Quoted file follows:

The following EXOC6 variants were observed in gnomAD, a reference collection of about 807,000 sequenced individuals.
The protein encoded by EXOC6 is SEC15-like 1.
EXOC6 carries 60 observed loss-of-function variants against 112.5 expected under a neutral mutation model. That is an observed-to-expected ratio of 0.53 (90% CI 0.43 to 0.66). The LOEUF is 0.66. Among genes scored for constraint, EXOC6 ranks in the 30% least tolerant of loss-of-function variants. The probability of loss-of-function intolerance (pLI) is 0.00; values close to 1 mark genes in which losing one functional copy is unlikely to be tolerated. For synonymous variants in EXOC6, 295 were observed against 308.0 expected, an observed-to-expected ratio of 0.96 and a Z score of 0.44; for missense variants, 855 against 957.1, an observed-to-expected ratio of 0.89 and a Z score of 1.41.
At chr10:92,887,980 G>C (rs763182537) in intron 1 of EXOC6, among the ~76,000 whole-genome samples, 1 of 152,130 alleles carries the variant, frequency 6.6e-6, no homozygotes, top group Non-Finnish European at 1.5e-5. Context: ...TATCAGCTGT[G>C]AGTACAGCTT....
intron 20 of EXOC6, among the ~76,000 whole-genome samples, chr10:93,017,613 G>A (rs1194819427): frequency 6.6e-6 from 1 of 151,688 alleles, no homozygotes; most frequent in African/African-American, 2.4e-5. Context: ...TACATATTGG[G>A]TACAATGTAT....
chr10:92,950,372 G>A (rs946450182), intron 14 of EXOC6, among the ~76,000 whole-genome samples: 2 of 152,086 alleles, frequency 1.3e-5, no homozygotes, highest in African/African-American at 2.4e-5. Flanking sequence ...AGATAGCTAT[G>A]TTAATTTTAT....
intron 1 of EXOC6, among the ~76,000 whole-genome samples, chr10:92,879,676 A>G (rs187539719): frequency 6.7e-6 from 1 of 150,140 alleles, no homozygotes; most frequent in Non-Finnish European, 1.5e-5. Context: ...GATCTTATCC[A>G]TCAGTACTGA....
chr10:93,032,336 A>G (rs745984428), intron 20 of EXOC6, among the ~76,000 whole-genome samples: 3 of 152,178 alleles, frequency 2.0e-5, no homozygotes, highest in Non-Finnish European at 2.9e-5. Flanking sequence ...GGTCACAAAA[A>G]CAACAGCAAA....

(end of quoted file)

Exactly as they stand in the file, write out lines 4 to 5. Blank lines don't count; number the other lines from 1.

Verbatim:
At chr10:92,887,980 G>C (rs763182537) in intron 1 of EXOC6, among the ~76,000 whole-genome samples, 1 of 152,130 alleles carries the variant, frequency 6.6e-6, no homozygotes, top group Non-Finnish European at 1.5e-5. Context: ...TATCAGCTGT[G>C]AGTACAGCTT....
intron 20 of EXOC6, among the ~76,000 whole-genome samples, chr10:93,017,613 G>A (rs1194819427): frequency 6.6e-6 from 1 of 151,688 alleles, no homozygotes; most frequent in African/African-American, 2.4e-5. Context: ...TACATATTGG[G>A]TACAATGTAT....